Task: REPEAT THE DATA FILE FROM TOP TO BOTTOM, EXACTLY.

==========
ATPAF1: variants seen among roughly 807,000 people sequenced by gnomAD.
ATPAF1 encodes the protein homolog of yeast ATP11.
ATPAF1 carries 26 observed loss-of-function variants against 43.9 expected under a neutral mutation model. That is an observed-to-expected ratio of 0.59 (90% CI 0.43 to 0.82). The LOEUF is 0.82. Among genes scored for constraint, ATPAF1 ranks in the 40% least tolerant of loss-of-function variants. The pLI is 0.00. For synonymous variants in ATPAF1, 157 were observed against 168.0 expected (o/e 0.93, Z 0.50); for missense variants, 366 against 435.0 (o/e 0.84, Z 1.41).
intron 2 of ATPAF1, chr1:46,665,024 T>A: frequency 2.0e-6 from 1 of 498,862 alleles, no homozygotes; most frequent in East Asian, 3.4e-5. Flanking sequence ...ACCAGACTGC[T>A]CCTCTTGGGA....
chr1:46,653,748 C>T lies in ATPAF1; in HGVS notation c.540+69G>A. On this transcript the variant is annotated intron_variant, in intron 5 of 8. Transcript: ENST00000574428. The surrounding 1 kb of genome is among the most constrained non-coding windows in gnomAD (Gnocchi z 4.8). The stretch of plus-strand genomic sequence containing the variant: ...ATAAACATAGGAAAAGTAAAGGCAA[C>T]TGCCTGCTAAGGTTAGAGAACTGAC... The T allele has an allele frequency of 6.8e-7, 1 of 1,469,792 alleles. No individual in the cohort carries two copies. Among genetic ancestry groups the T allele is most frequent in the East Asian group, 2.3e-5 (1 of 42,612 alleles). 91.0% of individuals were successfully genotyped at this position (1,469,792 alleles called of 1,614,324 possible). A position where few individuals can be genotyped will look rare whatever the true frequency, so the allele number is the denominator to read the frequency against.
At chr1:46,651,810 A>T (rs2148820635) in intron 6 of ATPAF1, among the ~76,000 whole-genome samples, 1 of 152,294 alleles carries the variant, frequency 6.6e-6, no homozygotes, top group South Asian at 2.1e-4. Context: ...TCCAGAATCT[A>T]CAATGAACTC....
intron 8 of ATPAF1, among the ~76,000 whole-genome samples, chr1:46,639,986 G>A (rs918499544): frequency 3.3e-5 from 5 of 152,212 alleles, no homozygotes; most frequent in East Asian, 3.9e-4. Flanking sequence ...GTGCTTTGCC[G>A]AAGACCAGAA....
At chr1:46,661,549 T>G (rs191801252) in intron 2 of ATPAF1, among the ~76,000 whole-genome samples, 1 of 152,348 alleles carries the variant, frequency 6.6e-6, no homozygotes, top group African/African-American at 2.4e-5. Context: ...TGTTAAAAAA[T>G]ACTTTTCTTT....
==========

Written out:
ATPAF1: variants seen among roughly 807,000 people sequenced by gnomAD.
ATPAF1 encodes the protein homolog of yeast ATP11.
ATPAF1 carries 26 observed loss-of-function variants against 43.9 expected under a neutral mutation model. That is an observed-to-expected ratio of 0.59 (90% CI 0.43 to 0.82). The LOEUF is 0.82. Among genes scored for constraint, ATPAF1 ranks in the 40% least tolerant of loss-of-function variants. The pLI is 0.00. For synonymous variants in ATPAF1, 157 were observed against 168.0 expected (o/e 0.93, Z 0.50); for missense variants, 366 against 435.0 (o/e 0.84, Z 1.41).
intron 2 of ATPAF1, chr1:46,665,024 T>A: frequency 2.0e-6 from 1 of 498,862 alleles, no homozygotes; most frequent in East Asian, 3.4e-5. Flanking sequence ...ACCAGACTGC[T>A]CCTCTTGGGA....
chr1:46,653,748 C>T lies in ATPAF1; in HGVS notation c.540+69G>A. On this transcript the variant is annotated intron_variant, in intron 5 of 8. Transcript: ENST00000574428. The surrounding 1 kb of genome is among the most constrained non-coding windows in gnomAD (Gnocchi z 4.8). The stretch of plus-strand genomic sequence containing the variant: ...ATAAACATAGGAAAAGTAAAGGCAA[C>T]TGCCTGCTAAGGTTAGAGAACTGAC... The T allele has an allele frequency of 6.8e-7, 1 of 1,469,792 alleles. No individual in the cohort carries two copies. Among genetic ancestry groups the T allele is most frequent in the East Asian group, 2.3e-5 (1 of 42,612 alleles). 91.0% of individuals were successfully genotyped at this position (1,469,792 alleles called of 1,614,324 possible). A position where few individuals can be genotyped will look rare whatever the true frequency, so the allele number is the denominator to read the frequency against.
At chr1:46,651,810 A>T (rs2148820635) in intron 6 of ATPAF1, among the ~76,000 whole-genome samples, 1 of 152,294 alleles carries the variant, frequency 6.6e-6, no homozygotes, top group South Asian at 2.1e-4. Context: ...TCCAGAATCT[A>T]CAATGAACTC....
intron 8 of ATPAF1, among the ~76,000 whole-genome samples, chr1:46,639,986 G>A (rs918499544): frequency 3.3e-5 from 5 of 152,212 alleles, no homozygotes; most frequent in East Asian, 3.9e-4. Flanking sequence ...GTGCTTTGCC[G>A]AAGACCAGAA....
At chr1:46,661,549 T>G (rs191801252) in intron 2 of ATPAF1, among the ~76,000 whole-genome samples, 1 of 152,348 alleles carries the variant, frequency 6.6e-6, no homozygotes, top group African/African-American at 2.4e-5. Context: ...TGTTAAAAAA[T>G]ACTTTTCTTT....